One can observe that many stars from the 1950s went on with their film career in the next decade and so on, whereas stars from the previous decades didn’t. In a way some of them were “lucky” for dying young, like Jean Harlow and even Marilyn Monroe, who was so attached to the star system that wouldn’t probably be able to deal with aging and the rise of new starlets. Some left for once in a classy act, like Greta Garbo, who claimed she wanted to be alone. Others faced the worst, like Rita Hayworth and her alzheimer disease, and even Gene, who collapsed in a nervous breakdown and ended up taking continuous electric shock treatments, and after that, she was never the same again. According to the docu footage, the cause of the breakdown lies in her personal life, the fact her first daughter was born death, blind and with a serious mental condition due to the measles Gene was infected with during her pregnancy. Which led her to depression wasn’t her child’s condition alone, but the fact she blamed herself for what happened, as she was possibly infected by a soldier woman who so desperately needed to see her beloved film star… Therefore she blamed her own fame. It’s funny how Monroe’s tragic death is the so named cause of the end of the star system. I believe it was broken little by little along the years.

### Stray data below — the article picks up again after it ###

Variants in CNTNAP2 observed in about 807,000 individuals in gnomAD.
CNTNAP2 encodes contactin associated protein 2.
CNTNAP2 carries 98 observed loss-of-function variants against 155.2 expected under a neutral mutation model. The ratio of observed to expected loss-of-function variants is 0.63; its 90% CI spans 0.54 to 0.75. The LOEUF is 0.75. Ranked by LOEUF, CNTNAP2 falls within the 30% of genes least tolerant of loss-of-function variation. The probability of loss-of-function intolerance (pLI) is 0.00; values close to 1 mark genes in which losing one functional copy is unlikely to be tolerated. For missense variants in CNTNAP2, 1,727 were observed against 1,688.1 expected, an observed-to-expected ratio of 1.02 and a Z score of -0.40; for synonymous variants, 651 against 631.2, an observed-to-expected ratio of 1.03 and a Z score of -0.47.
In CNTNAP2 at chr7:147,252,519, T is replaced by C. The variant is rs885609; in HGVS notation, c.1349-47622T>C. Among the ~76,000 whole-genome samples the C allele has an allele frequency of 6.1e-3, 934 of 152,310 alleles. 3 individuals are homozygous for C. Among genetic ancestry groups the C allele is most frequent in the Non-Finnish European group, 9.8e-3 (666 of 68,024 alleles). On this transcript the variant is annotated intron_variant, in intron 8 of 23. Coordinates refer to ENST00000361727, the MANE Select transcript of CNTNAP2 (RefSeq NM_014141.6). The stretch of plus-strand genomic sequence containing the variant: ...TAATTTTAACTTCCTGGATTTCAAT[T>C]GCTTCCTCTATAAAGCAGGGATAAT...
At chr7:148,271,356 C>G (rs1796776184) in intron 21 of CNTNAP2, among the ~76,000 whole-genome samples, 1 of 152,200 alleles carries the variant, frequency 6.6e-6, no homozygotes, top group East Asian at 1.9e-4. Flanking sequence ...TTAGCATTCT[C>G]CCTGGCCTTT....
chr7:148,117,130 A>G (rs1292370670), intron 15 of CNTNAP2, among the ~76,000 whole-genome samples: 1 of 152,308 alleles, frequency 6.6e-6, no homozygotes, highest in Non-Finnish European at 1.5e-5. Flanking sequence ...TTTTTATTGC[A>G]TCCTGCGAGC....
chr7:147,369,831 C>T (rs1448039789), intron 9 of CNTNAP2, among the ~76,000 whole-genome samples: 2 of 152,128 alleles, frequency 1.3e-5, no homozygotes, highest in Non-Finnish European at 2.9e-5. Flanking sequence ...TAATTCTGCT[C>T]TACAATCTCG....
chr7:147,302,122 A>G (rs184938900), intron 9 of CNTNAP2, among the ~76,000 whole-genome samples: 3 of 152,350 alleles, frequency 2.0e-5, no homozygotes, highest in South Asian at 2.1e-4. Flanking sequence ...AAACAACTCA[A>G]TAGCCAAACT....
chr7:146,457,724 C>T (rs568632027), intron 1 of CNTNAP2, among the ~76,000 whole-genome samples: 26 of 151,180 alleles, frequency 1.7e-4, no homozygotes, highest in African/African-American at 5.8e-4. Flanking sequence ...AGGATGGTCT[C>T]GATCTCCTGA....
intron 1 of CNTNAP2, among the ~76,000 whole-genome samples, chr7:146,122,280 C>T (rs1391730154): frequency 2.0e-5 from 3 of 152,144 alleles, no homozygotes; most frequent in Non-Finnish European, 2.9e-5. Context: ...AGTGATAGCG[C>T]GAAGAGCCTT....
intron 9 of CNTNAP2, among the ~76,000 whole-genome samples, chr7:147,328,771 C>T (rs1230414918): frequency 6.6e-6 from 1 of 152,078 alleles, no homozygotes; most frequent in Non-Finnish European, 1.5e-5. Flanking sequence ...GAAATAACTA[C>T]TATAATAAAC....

16 Comments to “>In Hollywood happiness has always been a mith”

  1. >that's an interesting story about gene tierney's baby. one of agatha chritie's murder mysteries used that premise as the reason for a character getting killed